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Is my company ready for an acquisition? Five quick checks to be sure

Is my company ready for an acquisition? Five quick checks to be sure.

With business transitions on the rise, growth companies see this as a perfect time to jumpstart sales and earnings with an acquisition.  Here are five quick checks on whether your company is ready for an important, game changing acquisition.  Business owners should ask themselves these five important questions.

 1.      Do I know what I really want/need from an acquisition?   Acquisitions come with risks as well as rewards so it’s important to identify some strategic benefits beyond just additional revenue.  Some of the other potentially big benefits can include new products, broader manufacturing or service capabilities, geographic expansion, improved business systems, additional leadership, or even a future owner. This list should serve as the basis for the targeting criteria.

2.      What can I afford?  Most companies utilize a combination of cash, bank debt and possibly some seller financing to pay for an acquisition.  Before starting a project, it’s a good idea to talk to your banker and accountant to understand your debt capacity and model the minimum and maximum size transaction that makes the most sense.

3.      Do I have the right team?  To greatly improve the chance of success, the business owner should assemble a team of people with critical expertise and experience.  Most acquisition teams include people experienced in prospect identification, business valuation, transaction structure development, negotiation, financial modeling, HR, computer systems, banking and transaction law.  Honest assessment is needed to decide whether internal or external resources are best for the team.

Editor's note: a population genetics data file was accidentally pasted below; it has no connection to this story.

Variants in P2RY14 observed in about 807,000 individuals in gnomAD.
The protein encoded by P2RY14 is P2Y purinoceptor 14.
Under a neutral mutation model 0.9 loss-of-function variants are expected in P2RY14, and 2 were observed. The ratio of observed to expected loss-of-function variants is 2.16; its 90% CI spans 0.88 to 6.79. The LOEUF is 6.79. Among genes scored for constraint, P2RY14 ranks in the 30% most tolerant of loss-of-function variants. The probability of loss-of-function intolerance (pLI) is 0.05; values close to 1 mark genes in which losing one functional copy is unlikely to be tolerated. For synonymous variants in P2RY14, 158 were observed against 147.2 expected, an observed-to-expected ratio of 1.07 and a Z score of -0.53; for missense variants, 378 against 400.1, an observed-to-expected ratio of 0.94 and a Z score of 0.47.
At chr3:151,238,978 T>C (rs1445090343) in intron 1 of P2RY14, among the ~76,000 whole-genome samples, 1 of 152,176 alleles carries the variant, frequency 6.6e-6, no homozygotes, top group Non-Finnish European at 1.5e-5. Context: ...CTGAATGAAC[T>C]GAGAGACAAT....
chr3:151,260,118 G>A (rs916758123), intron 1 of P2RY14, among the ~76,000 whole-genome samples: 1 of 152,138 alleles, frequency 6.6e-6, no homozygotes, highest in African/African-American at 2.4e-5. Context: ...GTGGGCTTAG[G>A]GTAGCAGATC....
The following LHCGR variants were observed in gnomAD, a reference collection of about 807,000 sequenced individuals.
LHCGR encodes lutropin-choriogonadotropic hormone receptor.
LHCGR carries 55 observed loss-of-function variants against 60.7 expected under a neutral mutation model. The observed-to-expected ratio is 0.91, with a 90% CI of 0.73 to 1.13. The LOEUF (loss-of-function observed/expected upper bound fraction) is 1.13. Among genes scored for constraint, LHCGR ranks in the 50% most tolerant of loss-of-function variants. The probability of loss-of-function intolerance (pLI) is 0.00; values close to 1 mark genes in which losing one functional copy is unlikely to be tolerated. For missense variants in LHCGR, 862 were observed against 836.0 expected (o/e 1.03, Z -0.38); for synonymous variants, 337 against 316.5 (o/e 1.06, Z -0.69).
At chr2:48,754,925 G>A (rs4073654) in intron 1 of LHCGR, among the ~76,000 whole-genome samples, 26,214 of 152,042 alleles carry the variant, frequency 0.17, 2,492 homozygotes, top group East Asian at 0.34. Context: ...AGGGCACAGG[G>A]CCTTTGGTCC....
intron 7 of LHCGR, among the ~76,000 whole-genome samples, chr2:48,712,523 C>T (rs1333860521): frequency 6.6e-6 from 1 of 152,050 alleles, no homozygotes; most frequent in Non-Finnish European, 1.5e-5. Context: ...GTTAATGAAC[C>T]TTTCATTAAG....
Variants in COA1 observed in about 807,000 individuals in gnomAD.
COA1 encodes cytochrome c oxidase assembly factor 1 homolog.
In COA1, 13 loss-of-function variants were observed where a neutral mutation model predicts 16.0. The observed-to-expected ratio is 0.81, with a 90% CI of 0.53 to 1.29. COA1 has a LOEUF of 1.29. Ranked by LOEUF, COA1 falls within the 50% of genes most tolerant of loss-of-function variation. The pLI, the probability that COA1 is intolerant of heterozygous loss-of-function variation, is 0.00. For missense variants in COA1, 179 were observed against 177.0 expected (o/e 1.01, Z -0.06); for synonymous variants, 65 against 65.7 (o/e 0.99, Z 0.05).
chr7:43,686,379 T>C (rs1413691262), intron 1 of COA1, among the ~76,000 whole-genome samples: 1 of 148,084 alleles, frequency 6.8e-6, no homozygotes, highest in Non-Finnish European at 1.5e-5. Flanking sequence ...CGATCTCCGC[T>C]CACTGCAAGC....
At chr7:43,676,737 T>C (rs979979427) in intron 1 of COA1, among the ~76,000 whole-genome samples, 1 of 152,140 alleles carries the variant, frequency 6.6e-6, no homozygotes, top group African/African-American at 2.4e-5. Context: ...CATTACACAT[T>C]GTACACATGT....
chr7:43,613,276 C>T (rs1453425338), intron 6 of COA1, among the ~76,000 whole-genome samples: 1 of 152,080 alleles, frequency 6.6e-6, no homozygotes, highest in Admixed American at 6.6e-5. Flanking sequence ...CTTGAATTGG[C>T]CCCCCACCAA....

4.      Who will lead the project?  Acquisitions require a lot of time and attention.  Be sure one person with the time, energy and expertise has been identified to lead the team.  Beware of adding responsibility for an acquisition to someone (including the President) who already has a 50 or 60 hour a week job. Some shifting may be needed.

5.      How will I measure progress and success?  Closing on a transaction is only one of the measures of a successful acquisition.  Plans and assignments need to be in place before closing to insure the timely achievement of cost synergies, sales and earnings targets, computer system conversions, new product introductions and other goals.  Remember, what gets measured gets done.

With answers to these quick questions, the company and project team should be ready to move ahead.  Please let us know if we can lend a hand.

Greg Loeschke